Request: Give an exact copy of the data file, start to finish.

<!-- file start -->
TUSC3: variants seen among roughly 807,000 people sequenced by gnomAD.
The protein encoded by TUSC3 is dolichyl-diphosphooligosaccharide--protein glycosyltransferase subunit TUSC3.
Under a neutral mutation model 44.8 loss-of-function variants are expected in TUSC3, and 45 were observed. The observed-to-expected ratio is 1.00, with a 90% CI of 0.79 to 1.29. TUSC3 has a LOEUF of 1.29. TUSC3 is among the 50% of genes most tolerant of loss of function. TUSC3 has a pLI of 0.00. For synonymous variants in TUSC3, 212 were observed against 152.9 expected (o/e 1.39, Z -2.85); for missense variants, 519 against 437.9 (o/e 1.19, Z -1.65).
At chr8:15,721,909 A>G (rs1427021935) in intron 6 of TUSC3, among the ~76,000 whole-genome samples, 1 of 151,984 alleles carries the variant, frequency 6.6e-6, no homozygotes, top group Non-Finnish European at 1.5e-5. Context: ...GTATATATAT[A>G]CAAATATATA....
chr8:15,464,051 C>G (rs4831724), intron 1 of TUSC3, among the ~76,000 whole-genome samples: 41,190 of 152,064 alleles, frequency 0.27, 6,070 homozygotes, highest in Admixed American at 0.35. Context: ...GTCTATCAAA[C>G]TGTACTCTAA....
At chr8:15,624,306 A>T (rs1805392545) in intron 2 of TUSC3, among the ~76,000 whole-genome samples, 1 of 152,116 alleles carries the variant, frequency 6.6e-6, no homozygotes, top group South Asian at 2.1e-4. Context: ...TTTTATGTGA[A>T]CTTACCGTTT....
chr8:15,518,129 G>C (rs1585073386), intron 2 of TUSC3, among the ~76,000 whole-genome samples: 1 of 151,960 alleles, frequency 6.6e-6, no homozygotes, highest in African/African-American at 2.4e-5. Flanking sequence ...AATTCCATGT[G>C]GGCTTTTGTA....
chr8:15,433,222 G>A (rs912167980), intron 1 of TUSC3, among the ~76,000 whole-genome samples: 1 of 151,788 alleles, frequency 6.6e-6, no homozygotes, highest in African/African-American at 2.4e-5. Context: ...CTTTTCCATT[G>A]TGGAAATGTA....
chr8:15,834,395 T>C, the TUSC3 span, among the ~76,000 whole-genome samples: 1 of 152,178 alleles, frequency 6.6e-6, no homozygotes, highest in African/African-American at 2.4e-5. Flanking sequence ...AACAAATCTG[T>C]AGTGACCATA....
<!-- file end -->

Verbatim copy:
TUSC3: variants seen among roughly 807,000 people sequenced by gnomAD.
The protein encoded by TUSC3 is dolichyl-diphosphooligosaccharide--protein glycosyltransferase subunit TUSC3.
Under a neutral mutation model 44.8 loss-of-function variants are expected in TUSC3, and 45 were observed. The observed-to-expected ratio is 1.00, with a 90% CI of 0.79 to 1.29. TUSC3 has a LOEUF of 1.29. TUSC3 is among the 50% of genes most tolerant of loss of function. TUSC3 has a pLI of 0.00. For synonymous variants in TUSC3, 212 were observed against 152.9 expected (o/e 1.39, Z -2.85); for missense variants, 519 against 437.9 (o/e 1.19, Z -1.65).
At chr8:15,721,909 A>G (rs1427021935) in intron 6 of TUSC3, among the ~76,000 whole-genome samples, 1 of 151,984 alleles carries the variant, frequency 6.6e-6, no homozygotes, top group Non-Finnish European at 1.5e-5. Context: ...GTATATATAT[A>G]CAAATATATA....
chr8:15,464,051 C>G (rs4831724), intron 1 of TUSC3, among the ~76,000 whole-genome samples: 41,190 of 152,064 alleles, frequency 0.27, 6,070 homozygotes, highest in Admixed American at 0.35. Context: ...GTCTATCAAA[C>G]TGTACTCTAA....
At chr8:15,624,306 A>T (rs1805392545) in intron 2 of TUSC3, among the ~76,000 whole-genome samples, 1 of 152,116 alleles carries the variant, frequency 6.6e-6, no homozygotes, top group South Asian at 2.1e-4. Context: ...TTTTATGTGA[A>T]CTTACCGTTT....
chr8:15,518,129 G>C (rs1585073386), intron 2 of TUSC3, among the ~76,000 whole-genome samples: 1 of 151,960 alleles, frequency 6.6e-6, no homozygotes, highest in African/African-American at 2.4e-5. Flanking sequence ...AATTCCATGT[G>C]GGCTTTTGTA....
chr8:15,433,222 G>A (rs912167980), intron 1 of TUSC3, among the ~76,000 whole-genome samples: 1 of 151,788 alleles, frequency 6.6e-6, no homozygotes, highest in African/African-American at 2.4e-5. Context: ...CTTTTCCATT[G>A]TGGAAATGTA....
chr8:15,834,395 T>C, the TUSC3 span, among the ~76,000 whole-genome samples: 1 of 152,178 alleles, frequency 6.6e-6, no homozygotes, highest in African/African-American at 2.4e-5. Flanking sequence ...AACAAATCTG[T>C]AGTGACCATA....